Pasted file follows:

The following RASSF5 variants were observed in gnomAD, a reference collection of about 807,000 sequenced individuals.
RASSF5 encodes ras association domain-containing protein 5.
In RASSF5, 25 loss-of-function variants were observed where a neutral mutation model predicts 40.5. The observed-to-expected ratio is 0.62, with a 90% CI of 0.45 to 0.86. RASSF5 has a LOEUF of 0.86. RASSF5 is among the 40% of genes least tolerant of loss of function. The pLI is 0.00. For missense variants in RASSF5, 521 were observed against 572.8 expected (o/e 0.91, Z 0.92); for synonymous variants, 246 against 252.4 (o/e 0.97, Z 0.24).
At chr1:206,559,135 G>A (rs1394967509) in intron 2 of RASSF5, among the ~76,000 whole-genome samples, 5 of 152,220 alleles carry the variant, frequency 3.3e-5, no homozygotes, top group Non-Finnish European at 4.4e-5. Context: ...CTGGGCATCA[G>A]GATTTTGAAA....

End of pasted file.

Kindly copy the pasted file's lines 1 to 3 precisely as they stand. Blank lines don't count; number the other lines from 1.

The following RASSF5 variants were observed in gnomAD, a reference collection of about 807,000 sequenced individuals.
RASSF5 encodes ras association domain-containing protein 5.
In RASSF5, 25 loss-of-function variants were observed where a neutral mutation model predicts 40.5. The observed-to-expected ratio is 0.62, with a 90% CI of 0.45 to 0.86. RASSF5 has a LOEUF of 0.86. RASSF5 is among the 40% of genes least tolerant of loss of function. The pLI is 0.00. For missense variants in RASSF5, 521 were observed against 572.8 expected (o/e 0.91, Z 0.92); for synonymous variants, 246 against 252.4 (o/e 0.97, Z 0.24).